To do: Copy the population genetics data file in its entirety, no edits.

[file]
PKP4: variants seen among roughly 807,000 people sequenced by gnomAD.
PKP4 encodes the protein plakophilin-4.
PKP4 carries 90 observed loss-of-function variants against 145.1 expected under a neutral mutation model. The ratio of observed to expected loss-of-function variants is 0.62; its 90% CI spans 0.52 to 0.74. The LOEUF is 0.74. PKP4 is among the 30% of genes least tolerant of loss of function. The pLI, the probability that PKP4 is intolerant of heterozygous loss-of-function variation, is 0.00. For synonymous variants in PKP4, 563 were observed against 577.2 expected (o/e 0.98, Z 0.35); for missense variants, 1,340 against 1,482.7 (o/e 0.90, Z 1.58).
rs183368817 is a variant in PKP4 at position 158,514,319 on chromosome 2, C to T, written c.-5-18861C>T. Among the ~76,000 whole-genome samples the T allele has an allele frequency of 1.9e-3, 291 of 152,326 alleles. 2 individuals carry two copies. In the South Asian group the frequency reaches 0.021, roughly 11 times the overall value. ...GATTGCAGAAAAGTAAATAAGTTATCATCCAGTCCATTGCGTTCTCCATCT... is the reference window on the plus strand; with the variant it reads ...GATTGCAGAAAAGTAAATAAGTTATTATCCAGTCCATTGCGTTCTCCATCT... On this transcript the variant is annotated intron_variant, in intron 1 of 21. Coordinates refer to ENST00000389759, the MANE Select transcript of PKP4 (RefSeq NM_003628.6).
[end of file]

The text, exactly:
PKP4: variants seen among roughly 807,000 people sequenced by gnomAD.
PKP4 encodes the protein plakophilin-4.
PKP4 carries 90 observed loss-of-function variants against 145.1 expected under a neutral mutation model. The ratio of observed to expected loss-of-function variants is 0.62; its 90% CI spans 0.52 to 0.74. The LOEUF is 0.74. PKP4 is among the 30% of genes least tolerant of loss of function. The pLI, the probability that PKP4 is intolerant of heterozygous loss-of-function variation, is 0.00. For synonymous variants in PKP4, 563 were observed against 577.2 expected (o/e 0.98, Z 0.35); for missense variants, 1,340 against 1,482.7 (o/e 0.90, Z 1.58).
rs183368817 is a variant in PKP4 at position 158,514,319 on chromosome 2, C to T, written c.-5-18861C>T. Among the ~76,000 whole-genome samples the T allele has an allele frequency of 1.9e-3, 291 of 152,326 alleles. 2 individuals carry two copies. In the South Asian group the frequency reaches 0.021, roughly 11 times the overall value. ...GATTGCAGAAAAGTAAATAAGTTATCATCCAGTCCATTGCGTTCTCCATCT... is the reference window on the plus strand; with the variant it reads ...GATTGCAGAAAAGTAAATAAGTTATTATCCAGTCCATTGCGTTCTCCATCT... On this transcript the variant is annotated intron_variant, in intron 1 of 21. Coordinates refer to ENST00000389759, the MANE Select transcript of PKP4 (RefSeq NM_003628.6).